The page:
What can destroy your wedding timeline?

You spending so much time and effort to make sure your wedding timeline is perfect, just like many other couples. But why did many couples still experience “LATE” even though they did their best? What did they do wrong and how can you make it right?

What I am going to show you is so small and simple that everyone has overlooked. These are the common glitches of a wedding timeline that you can learn to avoid from the beginning. If you already completed your wedding timeline, it’s time to review and make necessary adjustments.



This is one of the most common issues. A makeup artist (MUA) can estimate how long it would take. However, if the MUA says 3 hours, you shouldn’t set exactly 3 hours for that. Chances are you will be constantly interrupted (people ask you questions, your parents need something, people call you, etc.). In addition, on the wedding day, you might not like the makeup/hair, and the MUA has to change until you like it. What are the solutions?

First, schedule a trial with your MUA. If you don’t have a trial, you and your MUA will have a lot to do on your wedding day. Second, get someone to be the point of contact on your behalf. All you need is to sit still and let the MUA finish as quickly as possible.


Buffer Time

This guy is extremely dangerous. I’ve mentioned it in the previous article (5 things that make your wedding successful) and probably will do again in the future as I see it keeps on coming.

What is it and why is it dangerous?

It is dangerous because only a few people are aware of it. That’s why I see it again and again.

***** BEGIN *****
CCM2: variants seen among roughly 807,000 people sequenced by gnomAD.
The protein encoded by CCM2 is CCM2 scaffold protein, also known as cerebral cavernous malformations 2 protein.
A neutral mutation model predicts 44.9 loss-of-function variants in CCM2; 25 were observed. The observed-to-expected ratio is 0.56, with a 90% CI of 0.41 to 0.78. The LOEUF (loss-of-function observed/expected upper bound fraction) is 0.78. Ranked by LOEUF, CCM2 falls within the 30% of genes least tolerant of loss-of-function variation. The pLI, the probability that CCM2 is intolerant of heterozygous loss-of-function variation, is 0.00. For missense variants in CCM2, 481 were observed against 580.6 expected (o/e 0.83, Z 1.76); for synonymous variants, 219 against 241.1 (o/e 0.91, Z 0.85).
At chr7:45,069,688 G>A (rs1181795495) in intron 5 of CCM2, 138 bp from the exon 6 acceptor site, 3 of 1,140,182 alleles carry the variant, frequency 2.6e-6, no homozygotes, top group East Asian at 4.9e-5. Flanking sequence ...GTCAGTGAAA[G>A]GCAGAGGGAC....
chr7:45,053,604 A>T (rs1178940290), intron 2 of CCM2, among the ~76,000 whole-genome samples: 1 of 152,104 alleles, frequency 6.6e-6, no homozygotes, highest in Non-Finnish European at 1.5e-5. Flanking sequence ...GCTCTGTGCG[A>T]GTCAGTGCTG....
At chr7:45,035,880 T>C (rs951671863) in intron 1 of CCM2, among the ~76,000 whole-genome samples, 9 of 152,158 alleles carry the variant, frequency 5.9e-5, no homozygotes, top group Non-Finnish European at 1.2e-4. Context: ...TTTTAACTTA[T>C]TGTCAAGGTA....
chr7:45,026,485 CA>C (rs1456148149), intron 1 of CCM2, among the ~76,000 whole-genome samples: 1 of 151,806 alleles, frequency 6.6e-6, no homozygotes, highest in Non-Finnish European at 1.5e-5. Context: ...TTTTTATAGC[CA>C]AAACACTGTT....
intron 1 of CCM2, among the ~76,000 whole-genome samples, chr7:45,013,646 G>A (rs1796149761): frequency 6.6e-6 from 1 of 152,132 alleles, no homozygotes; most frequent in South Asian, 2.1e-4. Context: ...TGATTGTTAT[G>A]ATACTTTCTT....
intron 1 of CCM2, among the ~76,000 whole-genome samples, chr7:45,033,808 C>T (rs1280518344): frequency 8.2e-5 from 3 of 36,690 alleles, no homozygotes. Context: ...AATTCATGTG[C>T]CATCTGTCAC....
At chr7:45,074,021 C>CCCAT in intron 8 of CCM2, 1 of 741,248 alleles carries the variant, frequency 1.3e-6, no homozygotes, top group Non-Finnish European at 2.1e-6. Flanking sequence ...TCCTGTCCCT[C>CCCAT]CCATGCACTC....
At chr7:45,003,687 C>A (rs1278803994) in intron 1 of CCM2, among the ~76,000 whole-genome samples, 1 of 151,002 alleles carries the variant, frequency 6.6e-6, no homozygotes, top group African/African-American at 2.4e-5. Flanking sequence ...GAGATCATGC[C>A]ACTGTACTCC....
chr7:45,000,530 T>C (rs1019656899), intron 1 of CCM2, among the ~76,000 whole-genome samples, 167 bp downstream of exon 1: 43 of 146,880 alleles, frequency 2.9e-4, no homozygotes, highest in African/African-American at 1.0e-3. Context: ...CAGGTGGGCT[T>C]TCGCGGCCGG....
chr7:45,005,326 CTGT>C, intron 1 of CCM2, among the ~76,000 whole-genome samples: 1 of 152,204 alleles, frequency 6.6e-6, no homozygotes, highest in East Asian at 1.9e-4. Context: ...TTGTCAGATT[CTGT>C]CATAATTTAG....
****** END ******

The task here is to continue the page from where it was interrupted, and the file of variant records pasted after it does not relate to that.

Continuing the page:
Simply put, it is just a short gap between two activities, usually 5′ to 15′. The reason it must be on the timeline is: you can’t start one thing immediately after another. You and the vendors need time to move and prepare for new activities. So how should you do it correctly? Below are two examples:

Example #1: You want family photos right after the ceremony. The ceremony is from 3:30 pm to 4:00 pm. The family will last 15′.

Example #2: You get ready at a hotel from 11:00 am to 12:00 pm. The driving to the venue takes 15′.

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The explanation for this is simple: in example #1, you need about 10′ to make the announcement and gather people; in example #2, you need about 15′ to pack, wait for the elevator, and walk to the parking lot.

There is no single answer to how long the buffer time should be. But as a general rule of thumb, if you think you need 5′, make it 10′. If you need 10′, make it 15′. Be generous with this guy and remember to put him in between every activity.


Travel Time

This one is usually underestimated. In order to know the actual driving time, you can check it on Google, but it must be at the same time, the same day of the week as your wedding date. If your wedding is on Friday and requires travel at 3 pm, google it on Sunday at 8 pm will give you the wrong traffic information. Instead, google it on Friday at 3 pm (exact same weekday, same time). In case you don’t trust Google, give travel time an extra 15′ for every 30′ indicated by Google.

Note: Be aware of major events that take place around your venue on your wedding day as well.



There was a time when it took our clients and us 20′ to find parking in downtown San Francisco because it was packed everywhere. If your venue is in a busy area, pay more attention to this.

You can use some parking apps to help you secure your spot before the wedding day. This makes everything much much easier. The one that I often use is Spot Hero.


Guests and family

Some people have the tendency to be late for a wedding, and we have no idea why. There were a few weddings where the reception, and even the ceremony, started 30′ late because half of the guests were late. Or family session was delayed because the parents were late.

Dealing with this is quite sensitive. One common way is to invite them earlier than normal if you know they have that tendency. How earlier is up to you, but don’t upset the “on-time” people. For family members, you can make a fake schedule exclusively for people who are habitually late.

Note: We think it’s a good idea to give your guests a heads-up regarding travel time and parking to help them to be on time. Guests don’t usually plan ahead for a wedding like you.

If you have questions regarding your timeline, you can email us and we will look at it with you.

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